• In various exemplary embodiments, the lid 14 may be used as more than a lid 14 for the hybrid unit 10. For example, the lid 14 may be used as a frame suitable for hanging and displaying art or other items. To mount the lid 14 to a wall or other surface, a person may hammer a nail through the lid shell 270 prior to placing the lid core 272 or lid panel 274 within the lid shell 270. The lid 14 may also come with a mechanical fastener or hanger which allows the lid 14 to be hung from a nail or connected to a wall or surface in any known fashion. The lid panel 274 and/or lid outer layer 276 may also provide a tackable surface for attaching papers and items to the lid 14, using thumbtacks or other objects, or a writeable surface for taking notes and displaying messages. The lid panel 274 or lid outer layer 276 also may be provided with artwork already printed onto its surface or otherwise provided with a decorative appearance. In an exemplary embodiment, the lid panel 274 has a frame or decorative appearance and the lid outer layer 276 includes a tackable surface such as cork and/or writeable surface, such as chalkboard or whiteboard. The lid outer layer 276 may be placed into the lid 14 when a tackable/writeable surface is required and removed when the lid 14 is to be used as a frame or for decorative purposes.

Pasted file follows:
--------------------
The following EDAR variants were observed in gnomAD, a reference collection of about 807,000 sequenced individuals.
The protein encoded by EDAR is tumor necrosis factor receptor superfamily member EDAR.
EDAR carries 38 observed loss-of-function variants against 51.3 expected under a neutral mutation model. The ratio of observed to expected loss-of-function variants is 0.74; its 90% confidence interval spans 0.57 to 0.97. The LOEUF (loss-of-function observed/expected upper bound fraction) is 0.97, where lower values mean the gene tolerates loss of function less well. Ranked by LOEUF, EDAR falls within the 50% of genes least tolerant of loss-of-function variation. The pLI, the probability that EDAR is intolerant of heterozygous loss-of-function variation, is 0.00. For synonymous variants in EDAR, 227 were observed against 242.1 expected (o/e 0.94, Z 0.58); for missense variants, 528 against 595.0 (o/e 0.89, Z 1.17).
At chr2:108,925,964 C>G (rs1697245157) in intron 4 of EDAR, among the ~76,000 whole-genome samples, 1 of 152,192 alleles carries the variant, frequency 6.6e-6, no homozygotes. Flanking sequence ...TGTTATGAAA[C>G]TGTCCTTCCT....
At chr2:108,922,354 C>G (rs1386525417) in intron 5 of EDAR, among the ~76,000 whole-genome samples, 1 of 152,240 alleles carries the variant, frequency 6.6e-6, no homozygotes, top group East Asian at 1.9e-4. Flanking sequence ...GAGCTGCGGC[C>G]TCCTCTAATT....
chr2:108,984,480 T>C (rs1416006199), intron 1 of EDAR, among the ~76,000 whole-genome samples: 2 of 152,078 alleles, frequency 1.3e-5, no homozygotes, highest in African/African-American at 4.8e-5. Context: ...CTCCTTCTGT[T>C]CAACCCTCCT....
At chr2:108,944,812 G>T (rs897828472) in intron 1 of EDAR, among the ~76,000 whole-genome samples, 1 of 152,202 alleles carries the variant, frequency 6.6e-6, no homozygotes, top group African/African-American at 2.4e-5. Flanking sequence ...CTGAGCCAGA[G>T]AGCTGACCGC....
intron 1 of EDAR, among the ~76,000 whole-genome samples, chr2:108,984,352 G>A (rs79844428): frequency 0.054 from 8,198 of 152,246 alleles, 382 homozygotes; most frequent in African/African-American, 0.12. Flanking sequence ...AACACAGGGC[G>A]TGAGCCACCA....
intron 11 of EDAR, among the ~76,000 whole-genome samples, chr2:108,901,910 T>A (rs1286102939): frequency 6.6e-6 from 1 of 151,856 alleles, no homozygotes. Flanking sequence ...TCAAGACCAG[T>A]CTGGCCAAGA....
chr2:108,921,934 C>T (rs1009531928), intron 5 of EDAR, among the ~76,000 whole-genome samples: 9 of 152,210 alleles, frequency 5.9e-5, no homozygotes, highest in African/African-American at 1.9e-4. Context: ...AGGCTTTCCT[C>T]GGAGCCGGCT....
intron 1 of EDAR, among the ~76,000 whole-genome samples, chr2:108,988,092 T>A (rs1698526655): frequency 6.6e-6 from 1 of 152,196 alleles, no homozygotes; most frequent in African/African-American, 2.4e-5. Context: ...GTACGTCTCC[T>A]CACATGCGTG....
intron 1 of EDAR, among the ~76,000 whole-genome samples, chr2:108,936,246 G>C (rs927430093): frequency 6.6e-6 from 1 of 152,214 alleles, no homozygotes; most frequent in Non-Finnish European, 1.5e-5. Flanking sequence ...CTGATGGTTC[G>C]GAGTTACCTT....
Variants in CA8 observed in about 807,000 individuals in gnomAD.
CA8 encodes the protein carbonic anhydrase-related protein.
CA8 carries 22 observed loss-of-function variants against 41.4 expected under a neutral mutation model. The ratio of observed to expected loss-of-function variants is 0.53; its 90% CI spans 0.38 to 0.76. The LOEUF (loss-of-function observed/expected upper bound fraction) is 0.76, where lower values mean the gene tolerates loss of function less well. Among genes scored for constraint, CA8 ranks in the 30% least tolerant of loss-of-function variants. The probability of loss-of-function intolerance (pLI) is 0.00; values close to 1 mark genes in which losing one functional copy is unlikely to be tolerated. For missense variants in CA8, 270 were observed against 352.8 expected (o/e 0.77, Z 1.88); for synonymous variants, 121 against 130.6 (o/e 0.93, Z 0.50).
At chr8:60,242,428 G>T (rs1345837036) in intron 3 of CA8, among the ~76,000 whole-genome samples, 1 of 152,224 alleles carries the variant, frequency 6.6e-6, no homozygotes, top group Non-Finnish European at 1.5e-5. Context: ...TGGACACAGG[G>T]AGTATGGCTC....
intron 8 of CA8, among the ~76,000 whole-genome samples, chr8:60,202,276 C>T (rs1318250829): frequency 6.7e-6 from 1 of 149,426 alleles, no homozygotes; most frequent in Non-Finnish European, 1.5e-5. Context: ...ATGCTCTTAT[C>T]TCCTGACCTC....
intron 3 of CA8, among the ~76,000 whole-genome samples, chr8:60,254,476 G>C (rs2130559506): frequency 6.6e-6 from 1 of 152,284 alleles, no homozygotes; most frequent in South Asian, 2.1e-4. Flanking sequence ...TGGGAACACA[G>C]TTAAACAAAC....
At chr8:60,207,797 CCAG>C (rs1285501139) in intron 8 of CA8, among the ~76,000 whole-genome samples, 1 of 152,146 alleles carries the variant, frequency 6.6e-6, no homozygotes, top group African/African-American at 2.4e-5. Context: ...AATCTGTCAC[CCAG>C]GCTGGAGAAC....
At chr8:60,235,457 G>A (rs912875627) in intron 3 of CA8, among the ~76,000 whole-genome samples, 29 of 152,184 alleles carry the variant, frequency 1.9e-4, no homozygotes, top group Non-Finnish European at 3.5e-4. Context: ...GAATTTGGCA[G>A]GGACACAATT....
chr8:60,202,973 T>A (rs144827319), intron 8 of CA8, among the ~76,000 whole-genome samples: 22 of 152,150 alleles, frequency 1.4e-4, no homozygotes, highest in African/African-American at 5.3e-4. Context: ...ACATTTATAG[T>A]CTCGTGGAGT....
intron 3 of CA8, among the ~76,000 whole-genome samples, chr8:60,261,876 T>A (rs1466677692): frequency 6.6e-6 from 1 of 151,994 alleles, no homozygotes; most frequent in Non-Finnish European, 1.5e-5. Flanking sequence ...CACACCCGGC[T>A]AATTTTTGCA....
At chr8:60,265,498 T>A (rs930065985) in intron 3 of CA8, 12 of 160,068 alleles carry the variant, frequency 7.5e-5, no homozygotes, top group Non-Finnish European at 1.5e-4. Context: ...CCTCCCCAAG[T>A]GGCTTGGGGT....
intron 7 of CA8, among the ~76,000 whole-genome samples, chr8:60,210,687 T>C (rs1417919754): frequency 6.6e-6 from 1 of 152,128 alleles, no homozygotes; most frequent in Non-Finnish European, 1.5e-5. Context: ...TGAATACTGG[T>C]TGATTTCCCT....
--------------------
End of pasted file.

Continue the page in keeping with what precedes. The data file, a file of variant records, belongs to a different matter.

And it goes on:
• In various exemplary embodiments, the lid 14 may also function as a serving tray. The outer layer 276 may have a surface which reduces the chance of slipping so that drinks do not slide around during transportation. The same cork veneer as discussed above may provide this function or other non-slip surfaces, such as a polymeric material may be used. The outer layer 276 may also have various indentations or recessed portions to accommodate standard glassware. For example, a first surface of the outer layer 276 may be flat while the second surface has circular indentations.